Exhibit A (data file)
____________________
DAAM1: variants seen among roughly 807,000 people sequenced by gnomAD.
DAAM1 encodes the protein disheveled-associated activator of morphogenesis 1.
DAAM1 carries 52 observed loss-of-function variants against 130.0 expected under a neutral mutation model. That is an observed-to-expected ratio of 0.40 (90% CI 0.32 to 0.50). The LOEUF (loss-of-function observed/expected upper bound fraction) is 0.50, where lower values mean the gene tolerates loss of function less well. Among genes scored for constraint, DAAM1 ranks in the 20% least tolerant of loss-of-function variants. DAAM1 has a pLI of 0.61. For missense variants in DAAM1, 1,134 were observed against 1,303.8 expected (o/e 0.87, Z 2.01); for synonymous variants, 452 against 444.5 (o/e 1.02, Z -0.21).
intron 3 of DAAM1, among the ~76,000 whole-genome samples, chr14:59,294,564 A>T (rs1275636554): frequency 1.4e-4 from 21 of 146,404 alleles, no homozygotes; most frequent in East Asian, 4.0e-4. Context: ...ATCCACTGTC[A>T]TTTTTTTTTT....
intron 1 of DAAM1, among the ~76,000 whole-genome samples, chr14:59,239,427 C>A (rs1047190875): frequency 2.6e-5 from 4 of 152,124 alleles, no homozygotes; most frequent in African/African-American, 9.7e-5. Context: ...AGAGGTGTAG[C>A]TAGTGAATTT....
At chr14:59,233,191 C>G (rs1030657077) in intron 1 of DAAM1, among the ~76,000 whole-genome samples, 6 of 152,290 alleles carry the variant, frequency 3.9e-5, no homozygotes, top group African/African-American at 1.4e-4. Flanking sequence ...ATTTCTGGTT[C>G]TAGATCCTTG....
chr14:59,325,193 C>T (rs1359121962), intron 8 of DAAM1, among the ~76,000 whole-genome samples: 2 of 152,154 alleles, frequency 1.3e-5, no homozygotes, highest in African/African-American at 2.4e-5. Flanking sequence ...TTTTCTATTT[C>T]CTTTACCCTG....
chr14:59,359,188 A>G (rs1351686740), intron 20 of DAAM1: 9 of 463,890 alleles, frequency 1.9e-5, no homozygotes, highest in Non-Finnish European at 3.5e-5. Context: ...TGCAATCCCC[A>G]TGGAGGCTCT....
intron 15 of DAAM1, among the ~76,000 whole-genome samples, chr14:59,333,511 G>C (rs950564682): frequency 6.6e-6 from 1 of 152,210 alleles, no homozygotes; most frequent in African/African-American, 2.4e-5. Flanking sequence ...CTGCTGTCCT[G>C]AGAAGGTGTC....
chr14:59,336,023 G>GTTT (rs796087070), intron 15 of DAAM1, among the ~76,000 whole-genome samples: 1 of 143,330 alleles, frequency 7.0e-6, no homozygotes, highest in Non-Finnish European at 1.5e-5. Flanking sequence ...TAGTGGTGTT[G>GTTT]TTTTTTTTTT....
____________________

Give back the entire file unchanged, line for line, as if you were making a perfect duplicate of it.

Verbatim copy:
DAAM1: variants seen among roughly 807,000 people sequenced by gnomAD.
DAAM1 encodes the protein disheveled-associated activator of morphogenesis 1.
DAAM1 carries 52 observed loss-of-function variants against 130.0 expected under a neutral mutation model. That is an observed-to-expected ratio of 0.40 (90% CI 0.32 to 0.50). The LOEUF (loss-of-function observed/expected upper bound fraction) is 0.50, where lower values mean the gene tolerates loss of function less well. Among genes scored for constraint, DAAM1 ranks in the 20% least tolerant of loss-of-function variants. DAAM1 has a pLI of 0.61. For missense variants in DAAM1, 1,134 were observed against 1,303.8 expected (o/e 0.87, Z 2.01); for synonymous variants, 452 against 444.5 (o/e 1.02, Z -0.21).
intron 3 of DAAM1, among the ~76,000 whole-genome samples, chr14:59,294,564 A>T (rs1275636554): frequency 1.4e-4 from 21 of 146,404 alleles, no homozygotes; most frequent in East Asian, 4.0e-4. Context: ...ATCCACTGTC[A>T]TTTTTTTTTT....
intron 1 of DAAM1, among the ~76,000 whole-genome samples, chr14:59,239,427 C>A (rs1047190875): frequency 2.6e-5 from 4 of 152,124 alleles, no homozygotes; most frequent in African/African-American, 9.7e-5. Context: ...AGAGGTGTAG[C>A]TAGTGAATTT....
At chr14:59,233,191 C>G (rs1030657077) in intron 1 of DAAM1, among the ~76,000 whole-genome samples, 6 of 152,290 alleles carry the variant, frequency 3.9e-5, no homozygotes, top group African/African-American at 1.4e-4. Flanking sequence ...ATTTCTGGTT[C>G]TAGATCCTTG....
chr14:59,325,193 C>T (rs1359121962), intron 8 of DAAM1, among the ~76,000 whole-genome samples: 2 of 152,154 alleles, frequency 1.3e-5, no homozygotes, highest in African/African-American at 2.4e-5. Flanking sequence ...TTTTCTATTT[C>T]CTTTACCCTG....
chr14:59,359,188 A>G (rs1351686740), intron 20 of DAAM1: 9 of 463,890 alleles, frequency 1.9e-5, no homozygotes, highest in Non-Finnish European at 3.5e-5. Context: ...TGCAATCCCC[A>G]TGGAGGCTCT....
intron 15 of DAAM1, among the ~76,000 whole-genome samples, chr14:59,333,511 G>C (rs950564682): frequency 6.6e-6 from 1 of 152,210 alleles, no homozygotes; most frequent in African/African-American, 2.4e-5. Flanking sequence ...CTGCTGTCCT[G>C]AGAAGGTGTC....
chr14:59,336,023 G>GTTT (rs796087070), intron 15 of DAAM1, among the ~76,000 whole-genome samples: 1 of 143,330 alleles, frequency 7.0e-6, no homozygotes, highest in Non-Finnish European at 1.5e-5. Flanking sequence ...TAGTGGTGTT[G>GTTT]TTTTTTTTTT....